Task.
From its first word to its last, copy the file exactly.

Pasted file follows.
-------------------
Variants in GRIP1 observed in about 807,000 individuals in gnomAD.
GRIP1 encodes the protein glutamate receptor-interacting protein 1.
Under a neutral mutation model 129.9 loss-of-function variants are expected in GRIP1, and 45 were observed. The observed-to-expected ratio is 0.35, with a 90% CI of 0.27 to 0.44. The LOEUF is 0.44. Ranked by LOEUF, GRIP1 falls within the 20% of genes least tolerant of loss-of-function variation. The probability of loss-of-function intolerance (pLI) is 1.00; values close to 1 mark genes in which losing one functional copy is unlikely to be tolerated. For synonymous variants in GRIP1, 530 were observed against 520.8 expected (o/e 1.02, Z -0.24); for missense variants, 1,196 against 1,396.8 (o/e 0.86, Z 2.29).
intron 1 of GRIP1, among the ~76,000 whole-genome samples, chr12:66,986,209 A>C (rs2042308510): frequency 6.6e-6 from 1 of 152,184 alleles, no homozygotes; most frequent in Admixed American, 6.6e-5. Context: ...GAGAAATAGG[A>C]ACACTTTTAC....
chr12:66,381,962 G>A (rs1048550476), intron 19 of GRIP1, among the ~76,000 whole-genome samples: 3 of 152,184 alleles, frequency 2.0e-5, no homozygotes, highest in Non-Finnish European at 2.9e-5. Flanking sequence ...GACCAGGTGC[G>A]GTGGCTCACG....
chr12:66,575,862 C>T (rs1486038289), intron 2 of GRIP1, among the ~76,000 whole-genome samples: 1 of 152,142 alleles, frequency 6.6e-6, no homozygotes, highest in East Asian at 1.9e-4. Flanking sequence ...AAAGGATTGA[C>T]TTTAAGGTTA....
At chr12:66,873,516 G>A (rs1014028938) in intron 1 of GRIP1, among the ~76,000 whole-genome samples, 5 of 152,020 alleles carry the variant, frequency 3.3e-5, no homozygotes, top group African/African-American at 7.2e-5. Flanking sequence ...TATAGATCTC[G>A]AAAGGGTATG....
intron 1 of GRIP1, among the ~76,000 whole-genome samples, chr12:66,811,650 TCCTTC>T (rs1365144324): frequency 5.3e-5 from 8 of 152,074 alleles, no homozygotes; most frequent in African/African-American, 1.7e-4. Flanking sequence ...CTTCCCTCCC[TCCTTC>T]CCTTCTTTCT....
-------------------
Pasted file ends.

Variants in GRIP1 observed in about 807,000 individuals in gnomAD.
GRIP1 encodes the protein glutamate receptor-interacting protein 1.
Under a neutral mutation model 129.9 loss-of-function variants are expected in GRIP1, and 45 were observed. The observed-to-expected ratio is 0.35, with a 90% CI of 0.27 to 0.44. The LOEUF is 0.44. Ranked by LOEUF, GRIP1 falls within the 20% of genes least tolerant of loss-of-function variation. The probability of loss-of-function intolerance (pLI) is 1.00; values close to 1 mark genes in which losing one functional copy is unlikely to be tolerated. For synonymous variants in GRIP1, 530 were observed against 520.8 expected (o/e 1.02, Z -0.24); for missense variants, 1,196 against 1,396.8 (o/e 0.86, Z 2.29).
intron 1 of GRIP1, among the ~76,000 whole-genome samples, chr12:66,986,209 A>C (rs2042308510): frequency 6.6e-6 from 1 of 152,184 alleles, no homozygotes; most frequent in Admixed American, 6.6e-5. Context: ...GAGAAATAGG[A>C]ACACTTTTAC....
chr12:66,381,962 G>A (rs1048550476), intron 19 of GRIP1, among the ~76,000 whole-genome samples: 3 of 152,184 alleles, frequency 2.0e-5, no homozygotes, highest in Non-Finnish European at 2.9e-5. Flanking sequence ...GACCAGGTGC[G>A]GTGGCTCACG....
chr12:66,575,862 C>T (rs1486038289), intron 2 of GRIP1, among the ~76,000 whole-genome samples: 1 of 152,142 alleles, frequency 6.6e-6, no homozygotes, highest in East Asian at 1.9e-4. Flanking sequence ...AAAGGATTGA[C>T]TTTAAGGTTA....
At chr12:66,873,516 G>A (rs1014028938) in intron 1 of GRIP1, among the ~76,000 whole-genome samples, 5 of 152,020 alleles carry the variant, frequency 3.3e-5, no homozygotes, top group African/African-American at 7.2e-5. Flanking sequence ...TATAGATCTC[G>A]AAAGGGTATG....
intron 1 of GRIP1, among the ~76,000 whole-genome samples, chr12:66,811,650 TCCTTC>T (rs1365144324): frequency 5.3e-5 from 8 of 152,074 alleles, no homozygotes; most frequent in African/African-American, 1.7e-4. Flanking sequence ...CTTCCCTCCC[TCCTTC>T]CCTTCTTTCT....